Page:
Instead of showing a cost, for example, under the general ledger heading ‘staff costs’ (perhaps broken down by grade), the figures would show what those staff actually deliver. This is a step beyond attributing costs to tasks/activities and suggests instead that service providers should be looking to attribute costs to actual deliverables and services. This can be done at various different levels of granularity.
A high level breakdown that shows headings such as infrastructure services, applications development, user support etc is more helpful than a basic staffing figure but it still does not really link to strategic aims or allow internal customers to engage in a debate about priorities.
Moreover, since headings at this level are all probably essential activities, the discussion is again likely to be around continuing the activities with squeezed resource rather than identifying non-value added activities that could be stopped altogether.
Breaking this down further into specific ‘products’ will inevitably involve more work but this is where you start to provide the kind of information that can be used for a meaningful discussion about priorities. Such ‘products’ would include systems and processes already supported and developments requested by customers. If not handled carefully this can turn into the kind of internal recharging that becomes a cottage industry in itself – the challenge is to find a model that gives an appropriate level of granularity without becoming an overhead that ceases to add value.
As a start point you may want to budget in this way based on estimates then find the most appropriate way of gathering the data you need to refine and validate the model. It is at this point you can begin to debate the fact that certain planned developments may require extra resource or that certain systems or processes consume resource that does not appear commensurate with their value to the organisation.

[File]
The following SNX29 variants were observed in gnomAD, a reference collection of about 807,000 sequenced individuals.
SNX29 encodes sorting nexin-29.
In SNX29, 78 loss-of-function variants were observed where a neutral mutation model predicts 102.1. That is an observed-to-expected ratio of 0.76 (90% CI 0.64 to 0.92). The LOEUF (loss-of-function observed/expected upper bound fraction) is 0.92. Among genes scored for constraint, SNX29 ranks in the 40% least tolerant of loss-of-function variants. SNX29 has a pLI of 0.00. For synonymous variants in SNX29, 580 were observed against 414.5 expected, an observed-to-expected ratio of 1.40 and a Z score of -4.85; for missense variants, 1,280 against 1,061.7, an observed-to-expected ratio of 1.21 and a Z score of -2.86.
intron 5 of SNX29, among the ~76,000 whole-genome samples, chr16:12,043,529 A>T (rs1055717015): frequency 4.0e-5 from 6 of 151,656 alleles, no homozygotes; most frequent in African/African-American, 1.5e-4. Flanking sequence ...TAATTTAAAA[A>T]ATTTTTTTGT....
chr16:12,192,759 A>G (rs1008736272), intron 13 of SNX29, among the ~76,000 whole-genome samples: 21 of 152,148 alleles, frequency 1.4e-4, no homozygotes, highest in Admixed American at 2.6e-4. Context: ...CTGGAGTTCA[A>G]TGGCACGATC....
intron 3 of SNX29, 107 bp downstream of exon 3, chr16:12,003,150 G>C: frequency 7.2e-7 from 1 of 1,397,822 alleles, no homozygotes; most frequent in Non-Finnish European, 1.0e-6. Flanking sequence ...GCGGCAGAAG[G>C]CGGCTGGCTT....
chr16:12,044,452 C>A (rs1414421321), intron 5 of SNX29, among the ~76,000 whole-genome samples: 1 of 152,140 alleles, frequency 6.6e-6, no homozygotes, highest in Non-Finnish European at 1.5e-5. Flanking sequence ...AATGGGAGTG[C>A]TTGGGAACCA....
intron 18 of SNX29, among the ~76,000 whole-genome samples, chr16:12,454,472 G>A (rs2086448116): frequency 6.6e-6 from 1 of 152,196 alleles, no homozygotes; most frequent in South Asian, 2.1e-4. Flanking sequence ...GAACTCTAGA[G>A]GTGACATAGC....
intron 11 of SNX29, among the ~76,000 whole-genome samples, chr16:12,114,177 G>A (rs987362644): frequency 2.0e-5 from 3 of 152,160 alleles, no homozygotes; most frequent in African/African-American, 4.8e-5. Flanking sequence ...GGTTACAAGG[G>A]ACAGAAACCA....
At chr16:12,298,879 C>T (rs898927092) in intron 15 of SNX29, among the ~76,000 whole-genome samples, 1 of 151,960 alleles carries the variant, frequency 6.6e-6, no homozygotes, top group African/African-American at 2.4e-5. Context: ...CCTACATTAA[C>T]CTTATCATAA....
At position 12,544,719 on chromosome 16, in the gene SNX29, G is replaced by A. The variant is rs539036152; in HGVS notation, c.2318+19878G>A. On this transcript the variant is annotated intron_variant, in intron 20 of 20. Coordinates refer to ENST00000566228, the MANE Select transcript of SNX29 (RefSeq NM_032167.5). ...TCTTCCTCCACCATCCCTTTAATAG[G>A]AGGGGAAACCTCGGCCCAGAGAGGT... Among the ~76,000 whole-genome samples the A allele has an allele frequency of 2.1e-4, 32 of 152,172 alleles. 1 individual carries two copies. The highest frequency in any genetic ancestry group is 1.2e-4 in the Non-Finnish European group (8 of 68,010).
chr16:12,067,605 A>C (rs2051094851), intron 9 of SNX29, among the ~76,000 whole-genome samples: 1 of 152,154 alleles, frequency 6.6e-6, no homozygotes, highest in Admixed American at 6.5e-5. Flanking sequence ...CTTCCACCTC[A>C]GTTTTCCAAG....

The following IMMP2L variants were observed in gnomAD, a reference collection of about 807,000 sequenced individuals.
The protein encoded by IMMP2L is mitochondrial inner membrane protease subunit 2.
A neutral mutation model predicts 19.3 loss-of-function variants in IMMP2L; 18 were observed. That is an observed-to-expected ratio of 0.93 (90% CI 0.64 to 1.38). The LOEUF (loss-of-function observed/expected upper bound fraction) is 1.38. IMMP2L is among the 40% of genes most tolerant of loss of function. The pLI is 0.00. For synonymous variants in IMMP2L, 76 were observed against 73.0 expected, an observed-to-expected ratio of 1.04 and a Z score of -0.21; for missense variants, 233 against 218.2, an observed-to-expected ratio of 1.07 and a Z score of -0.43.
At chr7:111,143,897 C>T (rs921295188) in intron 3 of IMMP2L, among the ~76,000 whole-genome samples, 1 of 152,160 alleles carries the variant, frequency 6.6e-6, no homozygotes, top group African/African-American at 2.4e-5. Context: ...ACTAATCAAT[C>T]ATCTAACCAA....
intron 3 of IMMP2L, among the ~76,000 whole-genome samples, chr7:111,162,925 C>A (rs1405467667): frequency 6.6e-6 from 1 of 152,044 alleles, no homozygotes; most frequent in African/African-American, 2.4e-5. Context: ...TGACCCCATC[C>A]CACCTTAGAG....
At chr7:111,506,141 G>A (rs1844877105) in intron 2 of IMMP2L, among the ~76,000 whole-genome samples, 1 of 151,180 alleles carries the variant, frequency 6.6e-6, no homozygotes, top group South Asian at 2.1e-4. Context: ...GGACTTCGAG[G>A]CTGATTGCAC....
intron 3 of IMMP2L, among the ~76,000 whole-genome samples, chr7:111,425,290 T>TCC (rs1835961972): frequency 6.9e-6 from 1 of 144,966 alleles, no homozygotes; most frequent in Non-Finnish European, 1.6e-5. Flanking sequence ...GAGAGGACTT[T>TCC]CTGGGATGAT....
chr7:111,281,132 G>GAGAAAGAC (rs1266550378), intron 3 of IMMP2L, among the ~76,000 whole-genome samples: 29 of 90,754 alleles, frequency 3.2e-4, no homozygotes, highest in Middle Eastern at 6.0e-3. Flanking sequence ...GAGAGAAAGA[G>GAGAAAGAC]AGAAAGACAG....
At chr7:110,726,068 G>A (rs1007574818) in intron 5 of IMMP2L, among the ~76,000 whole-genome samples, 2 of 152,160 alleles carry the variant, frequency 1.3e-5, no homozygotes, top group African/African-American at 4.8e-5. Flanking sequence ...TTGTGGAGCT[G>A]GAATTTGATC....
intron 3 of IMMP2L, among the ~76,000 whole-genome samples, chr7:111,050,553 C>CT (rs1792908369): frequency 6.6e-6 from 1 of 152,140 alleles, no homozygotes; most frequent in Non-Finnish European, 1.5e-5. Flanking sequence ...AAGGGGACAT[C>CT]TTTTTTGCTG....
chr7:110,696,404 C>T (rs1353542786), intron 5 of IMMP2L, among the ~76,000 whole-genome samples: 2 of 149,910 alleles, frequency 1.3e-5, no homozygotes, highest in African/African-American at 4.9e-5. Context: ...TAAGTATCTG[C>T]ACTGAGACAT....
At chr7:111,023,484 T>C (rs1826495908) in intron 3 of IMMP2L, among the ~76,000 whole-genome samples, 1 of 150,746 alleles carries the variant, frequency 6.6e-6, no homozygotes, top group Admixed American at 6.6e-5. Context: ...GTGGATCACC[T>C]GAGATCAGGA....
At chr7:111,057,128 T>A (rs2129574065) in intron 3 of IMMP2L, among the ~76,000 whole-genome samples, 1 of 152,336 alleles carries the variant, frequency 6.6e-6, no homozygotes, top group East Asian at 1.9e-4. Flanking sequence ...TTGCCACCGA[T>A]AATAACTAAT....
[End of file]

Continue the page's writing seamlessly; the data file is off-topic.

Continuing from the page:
There are some excellent examples of IT services delivering efficiencies but, until users have an understanding of reasonable service costs and we can shift the focus of discussion from cutting costs to delivering value, we will continue to find ourselves on the treadmill of doing more for less and finding that simply running faster does not help.
"… IT has driven some real efficiencies … We need to celebrate and publicise our successes more."
Sexton, C. 2011 IT and efficiency
"The thinking is short term – longer term thinking needs to be developed. Not ‘is it within budget’ but ‘what benefit will this deliver the institution"
Tinson, P.2011 Value for money - the leadership challenges
"Activity accounting provides a natural framework to assign value. Where are we adding value? Where are we not adding value? Where should we be adding value? How well are we adding value?"